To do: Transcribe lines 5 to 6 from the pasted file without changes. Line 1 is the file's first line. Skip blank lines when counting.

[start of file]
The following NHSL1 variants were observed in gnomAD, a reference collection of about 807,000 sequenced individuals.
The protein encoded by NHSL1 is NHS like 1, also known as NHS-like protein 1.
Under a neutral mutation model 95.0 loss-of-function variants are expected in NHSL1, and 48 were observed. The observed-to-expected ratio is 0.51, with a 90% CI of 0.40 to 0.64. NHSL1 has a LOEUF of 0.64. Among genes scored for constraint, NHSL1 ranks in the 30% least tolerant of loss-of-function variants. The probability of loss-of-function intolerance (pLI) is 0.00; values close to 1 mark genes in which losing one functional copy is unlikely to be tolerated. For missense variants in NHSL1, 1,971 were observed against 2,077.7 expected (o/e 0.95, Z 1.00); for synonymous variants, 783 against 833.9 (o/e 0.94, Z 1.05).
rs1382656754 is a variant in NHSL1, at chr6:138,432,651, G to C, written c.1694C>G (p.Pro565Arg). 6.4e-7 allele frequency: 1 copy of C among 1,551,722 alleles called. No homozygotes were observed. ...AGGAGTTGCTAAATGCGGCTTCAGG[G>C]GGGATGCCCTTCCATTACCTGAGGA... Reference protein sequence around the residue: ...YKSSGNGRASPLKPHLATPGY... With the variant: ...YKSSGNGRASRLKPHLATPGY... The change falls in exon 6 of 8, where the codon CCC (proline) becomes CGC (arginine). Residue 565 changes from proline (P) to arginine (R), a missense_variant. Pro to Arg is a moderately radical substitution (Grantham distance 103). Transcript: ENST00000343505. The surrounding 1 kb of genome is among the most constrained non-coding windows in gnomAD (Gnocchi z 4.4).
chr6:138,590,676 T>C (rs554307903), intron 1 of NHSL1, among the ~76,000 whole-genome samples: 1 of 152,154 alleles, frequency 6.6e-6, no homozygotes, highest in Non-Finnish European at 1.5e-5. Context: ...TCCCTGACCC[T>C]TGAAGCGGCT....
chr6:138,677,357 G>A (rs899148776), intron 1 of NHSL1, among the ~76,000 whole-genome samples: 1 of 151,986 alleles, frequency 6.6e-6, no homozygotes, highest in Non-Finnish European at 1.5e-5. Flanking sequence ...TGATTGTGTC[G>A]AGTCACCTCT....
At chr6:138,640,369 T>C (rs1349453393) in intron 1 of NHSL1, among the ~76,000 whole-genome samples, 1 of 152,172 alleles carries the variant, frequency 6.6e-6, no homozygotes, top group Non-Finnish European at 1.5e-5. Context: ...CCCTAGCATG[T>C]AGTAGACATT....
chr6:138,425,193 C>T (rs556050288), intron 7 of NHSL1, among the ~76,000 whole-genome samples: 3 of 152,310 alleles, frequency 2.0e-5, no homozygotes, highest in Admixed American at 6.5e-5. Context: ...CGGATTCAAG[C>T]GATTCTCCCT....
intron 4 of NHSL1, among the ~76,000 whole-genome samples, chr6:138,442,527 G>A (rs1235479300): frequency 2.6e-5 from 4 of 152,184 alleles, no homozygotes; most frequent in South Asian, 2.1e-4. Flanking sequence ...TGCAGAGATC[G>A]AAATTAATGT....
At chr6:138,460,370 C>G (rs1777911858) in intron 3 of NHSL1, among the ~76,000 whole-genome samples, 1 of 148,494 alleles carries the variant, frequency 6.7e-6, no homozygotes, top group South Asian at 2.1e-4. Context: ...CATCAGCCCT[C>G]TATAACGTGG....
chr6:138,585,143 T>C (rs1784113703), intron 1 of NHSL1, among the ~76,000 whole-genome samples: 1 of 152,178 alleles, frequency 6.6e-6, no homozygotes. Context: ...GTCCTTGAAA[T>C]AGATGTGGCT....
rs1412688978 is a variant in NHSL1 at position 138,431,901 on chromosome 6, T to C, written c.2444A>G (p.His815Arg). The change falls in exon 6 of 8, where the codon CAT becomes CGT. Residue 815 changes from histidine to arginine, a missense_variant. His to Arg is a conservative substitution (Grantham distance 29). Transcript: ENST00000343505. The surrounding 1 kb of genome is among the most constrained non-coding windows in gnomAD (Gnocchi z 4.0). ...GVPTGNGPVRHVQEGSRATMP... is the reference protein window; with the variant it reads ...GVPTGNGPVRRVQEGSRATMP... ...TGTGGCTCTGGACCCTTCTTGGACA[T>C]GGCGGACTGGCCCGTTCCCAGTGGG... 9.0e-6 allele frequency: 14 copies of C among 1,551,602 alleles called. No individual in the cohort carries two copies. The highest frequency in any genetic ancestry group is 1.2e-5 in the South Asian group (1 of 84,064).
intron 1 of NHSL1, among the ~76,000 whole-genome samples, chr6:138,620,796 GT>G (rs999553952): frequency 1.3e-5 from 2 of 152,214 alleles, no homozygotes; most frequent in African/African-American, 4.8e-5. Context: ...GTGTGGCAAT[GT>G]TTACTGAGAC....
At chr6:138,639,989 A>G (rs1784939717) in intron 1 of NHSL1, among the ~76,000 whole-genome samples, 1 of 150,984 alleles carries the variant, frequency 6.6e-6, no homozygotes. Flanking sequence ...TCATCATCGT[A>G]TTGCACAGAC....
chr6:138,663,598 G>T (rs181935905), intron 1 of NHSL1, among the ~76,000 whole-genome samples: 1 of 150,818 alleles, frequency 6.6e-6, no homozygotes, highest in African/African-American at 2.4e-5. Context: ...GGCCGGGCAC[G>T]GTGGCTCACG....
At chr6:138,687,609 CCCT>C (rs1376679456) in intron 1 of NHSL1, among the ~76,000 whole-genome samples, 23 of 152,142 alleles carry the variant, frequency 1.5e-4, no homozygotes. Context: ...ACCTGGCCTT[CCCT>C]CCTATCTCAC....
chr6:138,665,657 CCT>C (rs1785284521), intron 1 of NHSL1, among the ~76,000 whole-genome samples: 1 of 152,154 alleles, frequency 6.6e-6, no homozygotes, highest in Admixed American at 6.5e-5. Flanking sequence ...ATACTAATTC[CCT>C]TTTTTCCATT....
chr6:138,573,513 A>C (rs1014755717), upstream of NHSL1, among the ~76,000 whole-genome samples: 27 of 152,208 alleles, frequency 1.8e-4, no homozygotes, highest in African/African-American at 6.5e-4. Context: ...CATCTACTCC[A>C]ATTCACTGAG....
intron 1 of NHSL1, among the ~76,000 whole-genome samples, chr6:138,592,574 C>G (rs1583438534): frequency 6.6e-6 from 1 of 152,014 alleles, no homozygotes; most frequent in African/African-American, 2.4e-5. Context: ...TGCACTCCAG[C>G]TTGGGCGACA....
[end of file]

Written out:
chr6:138,590,676 T>C (rs554307903), intron 1 of NHSL1, among the ~76,000 whole-genome samples: 1 of 152,154 alleles, frequency 6.6e-6, no homozygotes, highest in Non-Finnish European at 1.5e-5. Context: ...TCCCTGACCC[T>C]TGAAGCGGCT....
chr6:138,677,357 G>A (rs899148776), intron 1 of NHSL1, among the ~76,000 whole-genome samples: 1 of 151,986 alleles, frequency 6.6e-6, no homozygotes, highest in Non-Finnish European at 1.5e-5. Flanking sequence ...TGATTGTGTC[G>A]AGTCACCTCT....